Monday, 13 December 2010

An outing to London.

Off to London last saturday to speak to the Confraternity of Pilgrims to
Rome. I really nice bunch of people. They all seemed to have walked
considerable distances, except the cyclists who had ridden even further.
The meeting was held in St James Church rooms at the side of the campus.
I think that I was disappointed with the church, which I had a little while
to look around before I was on. There was nothing about St James.
and nothing about modern day pilgrimage to Santiago.
I gave my talk about the Portsmouth Pilgrimage as part of a major
route to the tomb of St James. They were receptive, but it became
clear that they were rather daunted by the idea of a full blown Santiago
pilgrimage in the UK.
So much has been lost over these last 6oo years.
That is longer than the Moorish occupation of Spain! It is indeed a
long way to reach backwards. To the days before the reformers,
who had little understanding in these matters, who condemned
Pilgrimage as idolatry.
On the other hand here we were in a Church dedicated to
St James. Yes, it is a Wren church, but it takes it's name from the
locality and that comes from the ancient palace of St James,
the official royal address of our Sovereign Lady. All ambasadors
present their letters of authority to the court of St James. I
think we can go a little further. England is the only
place that had, and some say still has, a piece of St James, the
relic of his hand given to Reading Abbey by Henry I. This is
some believe the same hand that is in Marlow Roman Catholic
Church today. No other country has such presence of St James
as we have.
So looking back over the centuries, what must the devotion have
been like in those days. We have much to recover.

Monday, 6 December 2010

Is this the end of things!

If the following should seem a moan, I am sorry. It is meant to be an honest
reflection on the moment. As you will see it is a long time since I blogged.
In fact it is six weeks now. I expect that I have dropped off the radar
of many, which is a pity. Readers are hard to come by. I once talked to
a fellow blogger about what agonies I went though about getting a
readership together. She was much more successful than me and
had, by my standards a vast following. As I described my feelings,
the way I search to see who has visited my pages, she nodded her
head, she did the same thing. What comfort, I am not alone.
So where have I been all these weeks! The answer is,
nowhere. I have been holed up in Northampton. I have purchased a new
computer. I am deeply in love with it as it is an AppleMac. Clean, well
designed, fast and full of new toys. Getting it sorted has been a trial
and a joy. It thinks the way I do, unlike anything that
Mr Gates has had his hands on. But that is only the excuse. The
truth is that I have been out of sorts with planet pilgrim in all
its many forms!  You are wondering why this should be.
For that answer to have to go back to a few days before I went off
on the last pilgrimage. To the beginning of October.
It had been a warm week, summer was having its last flourish.
Then on the Saturday it rained. Warm gentle rain that brought a
welcome freshness to the day. So Liz and I went to Tesco.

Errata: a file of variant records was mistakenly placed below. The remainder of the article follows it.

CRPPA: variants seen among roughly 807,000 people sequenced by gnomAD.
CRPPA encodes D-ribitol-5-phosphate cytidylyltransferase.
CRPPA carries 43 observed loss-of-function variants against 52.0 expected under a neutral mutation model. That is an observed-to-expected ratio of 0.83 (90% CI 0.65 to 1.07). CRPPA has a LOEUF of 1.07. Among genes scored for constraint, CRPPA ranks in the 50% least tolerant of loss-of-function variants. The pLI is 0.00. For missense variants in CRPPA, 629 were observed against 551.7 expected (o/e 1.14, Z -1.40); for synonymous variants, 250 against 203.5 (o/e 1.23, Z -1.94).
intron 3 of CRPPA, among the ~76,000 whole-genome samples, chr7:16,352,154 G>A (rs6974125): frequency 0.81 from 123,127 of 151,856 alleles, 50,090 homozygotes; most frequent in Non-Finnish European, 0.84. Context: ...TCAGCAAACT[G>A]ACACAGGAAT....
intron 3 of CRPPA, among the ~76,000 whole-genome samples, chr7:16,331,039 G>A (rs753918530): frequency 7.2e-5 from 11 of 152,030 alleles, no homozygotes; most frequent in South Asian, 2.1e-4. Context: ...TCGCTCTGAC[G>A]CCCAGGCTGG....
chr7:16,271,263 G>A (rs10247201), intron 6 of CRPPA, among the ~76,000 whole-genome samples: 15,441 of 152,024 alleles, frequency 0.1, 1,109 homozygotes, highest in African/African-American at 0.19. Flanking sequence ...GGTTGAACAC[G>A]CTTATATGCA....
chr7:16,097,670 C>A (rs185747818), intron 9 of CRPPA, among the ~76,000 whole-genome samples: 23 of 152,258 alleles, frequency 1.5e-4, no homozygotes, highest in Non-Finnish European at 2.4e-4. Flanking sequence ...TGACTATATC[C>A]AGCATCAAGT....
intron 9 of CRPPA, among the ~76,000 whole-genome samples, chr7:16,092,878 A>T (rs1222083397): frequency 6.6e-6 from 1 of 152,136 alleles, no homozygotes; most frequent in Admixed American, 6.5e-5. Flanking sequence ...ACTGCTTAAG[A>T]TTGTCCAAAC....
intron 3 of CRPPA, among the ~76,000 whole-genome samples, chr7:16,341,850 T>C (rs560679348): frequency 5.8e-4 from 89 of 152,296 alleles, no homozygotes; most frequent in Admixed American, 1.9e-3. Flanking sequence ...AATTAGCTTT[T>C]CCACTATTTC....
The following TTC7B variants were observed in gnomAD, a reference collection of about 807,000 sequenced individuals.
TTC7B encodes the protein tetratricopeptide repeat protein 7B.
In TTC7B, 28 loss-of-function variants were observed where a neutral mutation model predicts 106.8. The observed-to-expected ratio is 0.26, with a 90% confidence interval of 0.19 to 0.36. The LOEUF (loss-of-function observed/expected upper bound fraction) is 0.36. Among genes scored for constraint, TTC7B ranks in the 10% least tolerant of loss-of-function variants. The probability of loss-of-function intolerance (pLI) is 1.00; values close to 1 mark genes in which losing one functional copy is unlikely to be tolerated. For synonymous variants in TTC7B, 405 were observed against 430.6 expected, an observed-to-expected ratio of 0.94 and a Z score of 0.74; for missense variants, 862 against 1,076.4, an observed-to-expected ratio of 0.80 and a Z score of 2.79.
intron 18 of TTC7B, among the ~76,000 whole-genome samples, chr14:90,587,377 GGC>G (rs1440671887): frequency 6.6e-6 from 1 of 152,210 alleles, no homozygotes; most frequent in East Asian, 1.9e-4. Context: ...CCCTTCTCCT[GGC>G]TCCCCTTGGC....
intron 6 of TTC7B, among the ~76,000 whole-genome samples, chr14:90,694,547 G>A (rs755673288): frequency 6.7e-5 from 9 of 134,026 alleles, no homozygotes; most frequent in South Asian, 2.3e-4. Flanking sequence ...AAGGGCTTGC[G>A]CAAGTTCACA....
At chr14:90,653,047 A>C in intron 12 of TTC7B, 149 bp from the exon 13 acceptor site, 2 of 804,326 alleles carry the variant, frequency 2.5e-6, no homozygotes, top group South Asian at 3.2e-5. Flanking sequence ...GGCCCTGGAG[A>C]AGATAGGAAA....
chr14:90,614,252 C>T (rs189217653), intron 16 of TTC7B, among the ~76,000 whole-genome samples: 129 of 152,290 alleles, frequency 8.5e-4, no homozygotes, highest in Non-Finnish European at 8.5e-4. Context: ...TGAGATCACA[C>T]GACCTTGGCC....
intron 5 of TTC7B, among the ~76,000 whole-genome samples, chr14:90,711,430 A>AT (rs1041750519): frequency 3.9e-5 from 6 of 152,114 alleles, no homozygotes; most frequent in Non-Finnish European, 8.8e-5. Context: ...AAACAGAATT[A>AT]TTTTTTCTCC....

On my feet I had a pair of my beloved crocks. They were
a little old and so had a rather worn underside. Walking into
Tesco over the zebra crossing my feet went from under me and
I went down on my knees. I landed in the prayer position. And
it hurt, especially in my left knee. I went on with the days'
business. The pain seemed to quickly go. And a few days
later I went on the pilgrimage from Porto. During that time my knees
began to tell me the damage that I had done. I didn't believe them
and carried on as best I could. Now I have found out that I
have torn the ligaments on the inside of the knee. I am also told
that it will take two months minimum and up to 12 months to heal.
I may also need a graft to bring about true recovery. So I hobble along,
cruising from furniture to doorpost like a child learning to walk. All
my plans for the next Camino in tatters, wondering if and when I will
walk with ease again.
The walk from Porto was a wonder, if rather painful at time. I had
some thoughts about Jacob. He was the guy who wrestled
with God all night until the dawn when God touched his hip and
made him lame. Ever after that he walked with a limp, to mark him out!
As the days unfolded I found my thoughts turning back to that story.
Is this my future? Then it came to me a few days ago.
Pilgrimage is meant to mark you. You should never be the same
again. I have wrestled with the Camino for six years now and I now
carry the scars in my body of those fights.
But does it have to bring the walking to an end?

Monday, 1 November 2010

We're back and not a little changed!

I am back from the Camino Portugues and from a short holiday in South
West England. Did you miss me. A month has gone by, where has it gone?
 I see that this blogger is delivering another strange format once more.
 How do you guys do yours and produce such a good
shape? It always gives me trouble and I have to spend hours sorting
 in out. Anyway enough of the moans. The pilgrimage was good. Mixed
weather. Good company,but not an easy trip with many reversals.
 This time I had a real problem with my left knee.As leader I felt
that I had to go on as best I could, whilst keeping up with the group.
Therefore I walked over 100k in some pain.
The walking was not too difficult, the legs kept swinging